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In December 2022, we discussed flexible working and how it has become increasingly common in the UK since the pandemic. We tend to think of flexible working meaning employees can divide their time between working from home and in the office, but the legislation on flexible working deals with far more than that.

The law includes those who wish to job share, undertake part time hours, request flexitime and/or compress their hours.

The current statutory position

Under the current rules, all employees have a statutory right to request flexible working provided that they have worked for the employer for at least 26 weeks.

Once they have made the request, the employer is obliged to deal with it in a “reasonable manner” before making a decision on whether or not to accept it. This decision must be made within 3 months of the request.

The employee is only able to submit one statutory flexible working request per year.

Although there is the potential for employees and employers to agree to mutual changes to their working, outside the statutory process, there is no obligation on employers to consider the request until the employee has 26 weeks of service, meaning there is less flexibility in the first few months of employment.

Even where the service requirement has been reached, the current rules require the employee to set out the effect of their request to the employer, which can prove to be an administrative burden for both sides to consider.

What are the proposed changes to flexible working?

The Government has stated that where organisations allow employees some flexibility within their work, it creates a happier and more productive workforce and establishes a better work-life balance. Consequently, the Government has advocated that flexible working should be the default position for all businesses.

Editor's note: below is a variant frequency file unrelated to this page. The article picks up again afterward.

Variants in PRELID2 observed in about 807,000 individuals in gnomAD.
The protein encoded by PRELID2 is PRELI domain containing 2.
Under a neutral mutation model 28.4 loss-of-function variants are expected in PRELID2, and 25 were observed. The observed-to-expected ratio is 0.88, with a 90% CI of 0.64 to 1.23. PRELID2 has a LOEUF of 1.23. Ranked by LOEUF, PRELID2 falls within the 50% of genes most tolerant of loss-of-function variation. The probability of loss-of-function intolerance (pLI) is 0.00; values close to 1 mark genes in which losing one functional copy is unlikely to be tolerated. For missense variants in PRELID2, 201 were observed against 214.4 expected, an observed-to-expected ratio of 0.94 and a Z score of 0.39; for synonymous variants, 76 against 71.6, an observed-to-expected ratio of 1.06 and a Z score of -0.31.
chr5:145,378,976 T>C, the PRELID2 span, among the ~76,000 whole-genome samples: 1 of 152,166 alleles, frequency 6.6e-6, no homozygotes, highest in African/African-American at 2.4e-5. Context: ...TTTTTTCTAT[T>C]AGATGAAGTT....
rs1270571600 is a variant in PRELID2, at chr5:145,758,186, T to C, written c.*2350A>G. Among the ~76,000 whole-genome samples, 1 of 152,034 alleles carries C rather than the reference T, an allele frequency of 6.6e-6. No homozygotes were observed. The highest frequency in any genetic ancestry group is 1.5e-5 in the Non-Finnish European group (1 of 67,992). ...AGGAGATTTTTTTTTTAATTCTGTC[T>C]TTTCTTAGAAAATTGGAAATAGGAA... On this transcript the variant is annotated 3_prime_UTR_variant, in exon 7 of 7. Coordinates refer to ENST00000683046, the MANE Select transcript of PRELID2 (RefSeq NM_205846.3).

In support of this, the Government has backed the Private Members Bill entitled Employment Relations (Flexible Working) Bill, which would introduce several changes to the area.

The most notable changes would see the following:

  • Employees would have the ability to make a statutory flexible working request from the first day of their employment;
  • There would be a requirement for the employer to consult with the employee if it is considering rejecting a request;
  • Increasing the amount of requests an employee can make per year from one to two;
  • There would be a reduction in the amount of time the Employer has to respond to the request, down to two months from three;
  • The removal of the requirement for employees to indicate how the employer could deal with the effects of the flexible working request on the job they do, other employees, and the business.

If adopted, these changes would mean that thousands more employees will have access to requesting flexible work than under the current legislation. Further, there would be a greater obligations on employers when considering these requests, particularly given the duty to consult.

Although these changes are not currently in effect, the Bill passed its second reading on 28th October 2022 and we may see it becoming incorporated into legislation later in the year.

Speak to our employment law solicitors

If you wish to discuss flexible working policies with our employment law and HR experts, please complete our online enquiry form below or by give us a call and a member of the team will be in touch.

Key Contact

Helen Watson

Helen Watson

Partner | Head of Employment Law


Helen has been Head of the Employment Team at Aaron and Partners LLP for over 16 years and is an experienced Tribunal Advocate, Accredited Mediator and Workplace Investigator. Helen is also a Chartered Director and Executive Boardroom Coach.

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